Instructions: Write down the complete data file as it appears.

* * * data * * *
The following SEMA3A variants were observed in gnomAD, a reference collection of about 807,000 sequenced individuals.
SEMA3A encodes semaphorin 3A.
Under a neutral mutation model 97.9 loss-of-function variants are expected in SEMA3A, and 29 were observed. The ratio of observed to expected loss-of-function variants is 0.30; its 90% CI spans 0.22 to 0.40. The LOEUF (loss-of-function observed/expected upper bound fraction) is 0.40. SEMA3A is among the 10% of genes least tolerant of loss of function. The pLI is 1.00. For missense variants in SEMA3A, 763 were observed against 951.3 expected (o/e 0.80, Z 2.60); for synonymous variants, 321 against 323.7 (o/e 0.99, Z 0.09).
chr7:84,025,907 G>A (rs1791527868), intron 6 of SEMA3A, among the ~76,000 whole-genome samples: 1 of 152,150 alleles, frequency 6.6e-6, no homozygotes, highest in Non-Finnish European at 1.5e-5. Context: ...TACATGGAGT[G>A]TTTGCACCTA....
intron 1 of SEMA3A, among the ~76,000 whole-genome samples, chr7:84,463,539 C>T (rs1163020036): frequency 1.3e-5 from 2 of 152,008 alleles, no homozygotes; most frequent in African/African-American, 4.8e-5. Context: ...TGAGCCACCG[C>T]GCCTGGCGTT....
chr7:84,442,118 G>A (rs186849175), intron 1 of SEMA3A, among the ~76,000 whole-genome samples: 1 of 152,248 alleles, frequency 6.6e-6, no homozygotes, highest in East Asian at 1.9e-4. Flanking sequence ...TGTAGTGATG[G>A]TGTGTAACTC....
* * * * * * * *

The following SEMA3A variants were observed in gnomAD, a reference collection of about 807,000 sequenced individuals.
SEMA3A encodes semaphorin 3A.
Under a neutral mutation model 97.9 loss-of-function variants are expected in SEMA3A, and 29 were observed. The ratio of observed to expected loss-of-function variants is 0.30; its 90% CI spans 0.22 to 0.40. The LOEUF (loss-of-function observed/expected upper bound fraction) is 0.40. SEMA3A is among the 10% of genes least tolerant of loss of function. The pLI is 1.00. For missense variants in SEMA3A, 763 were observed against 951.3 expected (o/e 0.80, Z 2.60); for synonymous variants, 321 against 323.7 (o/e 0.99, Z 0.09).
chr7:84,025,907 G>A (rs1791527868), intron 6 of SEMA3A, among the ~76,000 whole-genome samples: 1 of 152,150 alleles, frequency 6.6e-6, no homozygotes, highest in Non-Finnish European at 1.5e-5. Context: ...TACATGGAGT[G>A]TTTGCACCTA....
intron 1 of SEMA3A, among the ~76,000 whole-genome samples, chr7:84,463,539 C>T (rs1163020036): frequency 1.3e-5 from 2 of 152,008 alleles, no homozygotes; most frequent in African/African-American, 4.8e-5. Context: ...TGAGCCACCG[C>T]GCCTGGCGTT....
chr7:84,442,118 G>A (rs186849175), intron 1 of SEMA3A, among the ~76,000 whole-genome samples: 1 of 152,248 alleles, frequency 6.6e-6, no homozygotes, highest in East Asian at 1.9e-4. Flanking sequence ...TGTAGTGATG[G>A]TGTGTAACTC....